Co Derry man would ‘rather go to jail than pay compensation to paedophile’

The Facebook logo is pictured at the Facebook headquarters in Menlo Park, California, in this January 29, 2013 file photo. Facebook Inc advertising business grew at its fastest clip since before the company's May initial public offering, helping the company's revenue expand 40 percent to $1.585 billion. REUTERS/Robert Galbraith/Files   (UNITED STATES - Tags: BUSINESS LOGO)
The Facebook logo is pictured at the Facebook headquarters in Menlo Park, California, in this January 29, 2013 file photo. Facebook Inc advertising business grew at its fastest clip since before the company's May initial public offering, helping the company's revenue expand 40 percent to $1.585 billion. REUTERS/Robert Galbraith/Files (UNITED STATES - Tags: BUSINESS LOGO)
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A Co Derry man has vowed he will go to jail rather than pay a convicted paedophile compensation after he featured on an internet page set up to monitor paedophiles.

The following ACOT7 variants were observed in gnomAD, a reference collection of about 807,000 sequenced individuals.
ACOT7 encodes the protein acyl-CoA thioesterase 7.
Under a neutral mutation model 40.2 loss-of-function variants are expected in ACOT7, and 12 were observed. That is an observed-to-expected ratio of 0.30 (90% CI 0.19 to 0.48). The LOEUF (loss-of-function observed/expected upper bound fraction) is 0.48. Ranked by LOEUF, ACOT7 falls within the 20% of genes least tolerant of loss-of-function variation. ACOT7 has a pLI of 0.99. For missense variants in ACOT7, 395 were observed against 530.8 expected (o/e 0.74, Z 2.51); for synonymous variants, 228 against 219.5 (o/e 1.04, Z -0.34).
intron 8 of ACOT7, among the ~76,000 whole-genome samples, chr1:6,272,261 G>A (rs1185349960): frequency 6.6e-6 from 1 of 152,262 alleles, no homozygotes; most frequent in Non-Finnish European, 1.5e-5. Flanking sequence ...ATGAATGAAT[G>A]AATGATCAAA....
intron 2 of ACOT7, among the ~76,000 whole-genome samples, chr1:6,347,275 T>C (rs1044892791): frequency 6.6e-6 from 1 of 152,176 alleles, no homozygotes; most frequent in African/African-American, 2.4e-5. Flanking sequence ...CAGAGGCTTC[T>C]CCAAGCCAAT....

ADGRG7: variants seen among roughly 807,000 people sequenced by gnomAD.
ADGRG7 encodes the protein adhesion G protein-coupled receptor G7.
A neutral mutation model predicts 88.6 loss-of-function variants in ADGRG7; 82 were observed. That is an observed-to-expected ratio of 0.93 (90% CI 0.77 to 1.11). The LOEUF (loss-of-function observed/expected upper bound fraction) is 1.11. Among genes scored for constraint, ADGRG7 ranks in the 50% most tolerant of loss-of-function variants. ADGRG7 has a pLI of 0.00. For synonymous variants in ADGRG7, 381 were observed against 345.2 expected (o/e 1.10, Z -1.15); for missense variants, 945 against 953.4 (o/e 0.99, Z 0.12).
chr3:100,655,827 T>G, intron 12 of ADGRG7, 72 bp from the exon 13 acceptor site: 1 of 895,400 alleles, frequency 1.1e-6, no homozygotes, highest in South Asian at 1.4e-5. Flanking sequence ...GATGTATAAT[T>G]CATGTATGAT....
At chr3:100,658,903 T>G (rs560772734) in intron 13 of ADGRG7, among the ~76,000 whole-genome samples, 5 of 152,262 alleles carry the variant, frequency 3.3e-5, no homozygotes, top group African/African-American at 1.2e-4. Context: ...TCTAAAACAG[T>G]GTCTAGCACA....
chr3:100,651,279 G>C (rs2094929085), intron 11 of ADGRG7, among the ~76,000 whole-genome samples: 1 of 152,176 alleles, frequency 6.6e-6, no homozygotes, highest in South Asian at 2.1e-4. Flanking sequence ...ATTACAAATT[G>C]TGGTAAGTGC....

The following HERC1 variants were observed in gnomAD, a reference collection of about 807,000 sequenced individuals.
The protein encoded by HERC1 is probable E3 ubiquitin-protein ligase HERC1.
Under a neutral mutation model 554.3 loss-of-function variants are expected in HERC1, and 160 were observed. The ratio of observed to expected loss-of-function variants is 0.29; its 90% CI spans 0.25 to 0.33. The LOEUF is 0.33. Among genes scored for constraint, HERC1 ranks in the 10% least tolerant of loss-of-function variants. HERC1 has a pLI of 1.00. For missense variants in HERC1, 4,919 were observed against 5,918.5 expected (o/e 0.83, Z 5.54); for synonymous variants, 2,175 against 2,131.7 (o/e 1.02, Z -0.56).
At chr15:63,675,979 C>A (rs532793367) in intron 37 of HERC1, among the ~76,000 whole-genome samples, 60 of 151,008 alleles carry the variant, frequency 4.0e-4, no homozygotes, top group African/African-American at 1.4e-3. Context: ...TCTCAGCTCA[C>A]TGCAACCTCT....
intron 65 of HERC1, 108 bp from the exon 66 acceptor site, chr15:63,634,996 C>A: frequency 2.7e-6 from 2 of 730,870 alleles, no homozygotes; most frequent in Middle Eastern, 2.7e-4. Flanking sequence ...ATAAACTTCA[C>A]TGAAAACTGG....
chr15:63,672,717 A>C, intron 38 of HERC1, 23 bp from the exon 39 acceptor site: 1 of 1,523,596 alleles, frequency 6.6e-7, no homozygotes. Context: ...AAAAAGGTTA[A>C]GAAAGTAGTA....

In the landmark verdict, Mr Justice Stephens held that both the social media giant Facebook and page operator Joe McCloskey from Limavady were liable for misusing private information.

He also ordered that the ‘Keeping Our Kids Safe From Predators 2’ Facebook profile at the centre of the lawsuit is to be terminated.

However, Mr McCloskey told the Irish News he will not pay out.

“No definitely not. I will go to jail first,” he said.

Describing the court ruling as “shocking” he added: “I didn’t expect to have to pay him. What I shared about him was in the papers. None of his human rights were breached.

“Whatever was published was in the public domain.”

He also told the paper that he will not delete the Facebook page.

“I am personally not going to do it,” he said. “I will leave it to Facebook.”

He said an online fund-raising drive has been launched to help fund the cost of fighting the case.

Mr Justice Stephens – ruling for the sex offender who brought the privacy action – said information published indiscriminately could have threatened public order and incited violence and hatred.

“It was an attempt to hunt a sex offender, to drive him from his home and to expose him to vilification,” he said.

His judgment is believed to represent the first award of damages against Facebook in a case of this kind.

The plaintiff, identified only as CG, was released from jail in 2012 after serving a sentence for gross indecency and indecent assault offences against a young girl and a teenage boy.